Written by

Milla Rasanen (Sweden)

I am Milla Rasanen from Sweden studying a master’s in  Clinical and Developmental Neuropsychology. Bournemouth University has a lot of clubs and societies to choose from, but if you can’t find one that appeals to you, you can always start your own society. That’s what my friends and I did. We started the Humanist Society which promotes science, reason and empathy while advocating for the rights of humanist students on campus. Not only am I a member of the society, I am the president.

Learn new skills

As the president, I have a lot of responsibility and duties. I arrange meetings, contact outside organisations and ensure everything runs smoothly. One thing that surprised me about being the president is how many valuable skills I have learned. I have learned skills in organisation, time management, leadership and even design. All these will be extremely useful when I start looking for work after I graduate.

Learn how to plan and multitask

Balancing the duties of a society president with studies, work and a social life is not always easy, but with planning and time management it is possible. I have made a clear schedule which states when I study and when I do things for the society. It has really helped me stay on top of everything. For example, I set aside a specific time of day when I write all the emails regarding the society – that way I don’t have to think about them when I am doing other things because I know I’ll have time to write them later.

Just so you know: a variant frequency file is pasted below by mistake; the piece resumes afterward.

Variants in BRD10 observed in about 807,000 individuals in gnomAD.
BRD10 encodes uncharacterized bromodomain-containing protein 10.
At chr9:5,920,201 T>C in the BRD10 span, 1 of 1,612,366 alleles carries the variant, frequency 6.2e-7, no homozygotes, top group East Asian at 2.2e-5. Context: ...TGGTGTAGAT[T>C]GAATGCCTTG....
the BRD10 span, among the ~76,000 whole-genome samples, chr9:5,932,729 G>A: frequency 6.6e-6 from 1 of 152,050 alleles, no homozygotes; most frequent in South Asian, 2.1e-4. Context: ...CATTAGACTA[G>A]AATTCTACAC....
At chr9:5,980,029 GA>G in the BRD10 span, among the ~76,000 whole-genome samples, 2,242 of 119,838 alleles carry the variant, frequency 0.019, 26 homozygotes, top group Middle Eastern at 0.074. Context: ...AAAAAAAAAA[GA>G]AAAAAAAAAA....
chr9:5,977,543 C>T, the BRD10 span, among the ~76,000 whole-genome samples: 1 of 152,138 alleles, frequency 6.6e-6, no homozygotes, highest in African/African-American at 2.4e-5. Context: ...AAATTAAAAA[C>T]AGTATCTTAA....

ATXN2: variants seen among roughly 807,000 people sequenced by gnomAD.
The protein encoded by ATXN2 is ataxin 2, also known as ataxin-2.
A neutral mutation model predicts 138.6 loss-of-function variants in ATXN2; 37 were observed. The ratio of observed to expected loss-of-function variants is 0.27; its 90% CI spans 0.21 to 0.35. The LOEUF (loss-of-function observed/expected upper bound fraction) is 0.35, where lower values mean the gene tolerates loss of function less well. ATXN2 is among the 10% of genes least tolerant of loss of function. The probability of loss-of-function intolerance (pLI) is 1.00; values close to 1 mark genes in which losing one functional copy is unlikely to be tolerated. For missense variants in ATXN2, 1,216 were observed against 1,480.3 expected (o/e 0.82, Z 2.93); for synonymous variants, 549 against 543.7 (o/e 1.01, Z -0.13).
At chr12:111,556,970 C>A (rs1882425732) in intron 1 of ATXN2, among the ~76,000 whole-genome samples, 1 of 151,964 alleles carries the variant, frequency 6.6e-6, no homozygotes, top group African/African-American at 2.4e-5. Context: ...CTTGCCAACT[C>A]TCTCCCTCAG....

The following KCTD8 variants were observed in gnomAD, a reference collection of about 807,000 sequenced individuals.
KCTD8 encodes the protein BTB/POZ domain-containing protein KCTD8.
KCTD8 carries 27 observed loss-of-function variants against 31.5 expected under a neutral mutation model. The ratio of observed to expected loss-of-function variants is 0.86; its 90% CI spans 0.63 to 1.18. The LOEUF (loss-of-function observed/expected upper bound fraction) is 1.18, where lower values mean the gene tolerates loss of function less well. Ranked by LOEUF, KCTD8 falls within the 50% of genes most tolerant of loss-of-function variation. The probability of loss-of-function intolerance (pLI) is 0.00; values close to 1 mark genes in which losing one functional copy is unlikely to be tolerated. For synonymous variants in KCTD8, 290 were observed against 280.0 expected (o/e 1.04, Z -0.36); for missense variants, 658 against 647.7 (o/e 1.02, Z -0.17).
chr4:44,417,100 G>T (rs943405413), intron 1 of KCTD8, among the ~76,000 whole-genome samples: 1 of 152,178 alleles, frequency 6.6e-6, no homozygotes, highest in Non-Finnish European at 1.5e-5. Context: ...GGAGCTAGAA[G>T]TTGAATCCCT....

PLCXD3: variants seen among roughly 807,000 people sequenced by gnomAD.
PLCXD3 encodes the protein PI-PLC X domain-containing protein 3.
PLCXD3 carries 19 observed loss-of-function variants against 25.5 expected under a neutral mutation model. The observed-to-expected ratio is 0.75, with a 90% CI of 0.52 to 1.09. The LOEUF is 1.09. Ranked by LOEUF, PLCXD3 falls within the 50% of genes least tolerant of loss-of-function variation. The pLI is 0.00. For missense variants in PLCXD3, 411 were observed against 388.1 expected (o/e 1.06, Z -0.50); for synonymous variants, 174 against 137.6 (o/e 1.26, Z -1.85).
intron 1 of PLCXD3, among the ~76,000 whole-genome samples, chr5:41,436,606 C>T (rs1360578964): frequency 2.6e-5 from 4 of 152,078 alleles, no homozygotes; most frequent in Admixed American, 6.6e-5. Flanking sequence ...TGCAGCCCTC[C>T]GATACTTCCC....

Meet people outside your circle

While I have learned a lot, I mainly joined the society for the social aspect. A society is a great way of meeting new people and making new friends. You already have something in common with the other members, which makes it easier to become friends. One of the best things about the new friends I’ve made in the society is that they are all studying completely different subjects than me. I would have never got to know them without the society and it has been such a great experience widening my social circle and getting to know people outside my course.

Joining a society can be very rewarding because you can gain new skills and do something good for your community. However, the number one thing I love about being a member of a society is that it is a lot of fun. I have met great people through the society and often our meetings end with all of us continuing the night at Dylan’s Kitchen and Bar with drinks and a bite to eat.

Milla Rasanen, Sweden, MSc Clinical and Developmental Neuropsychology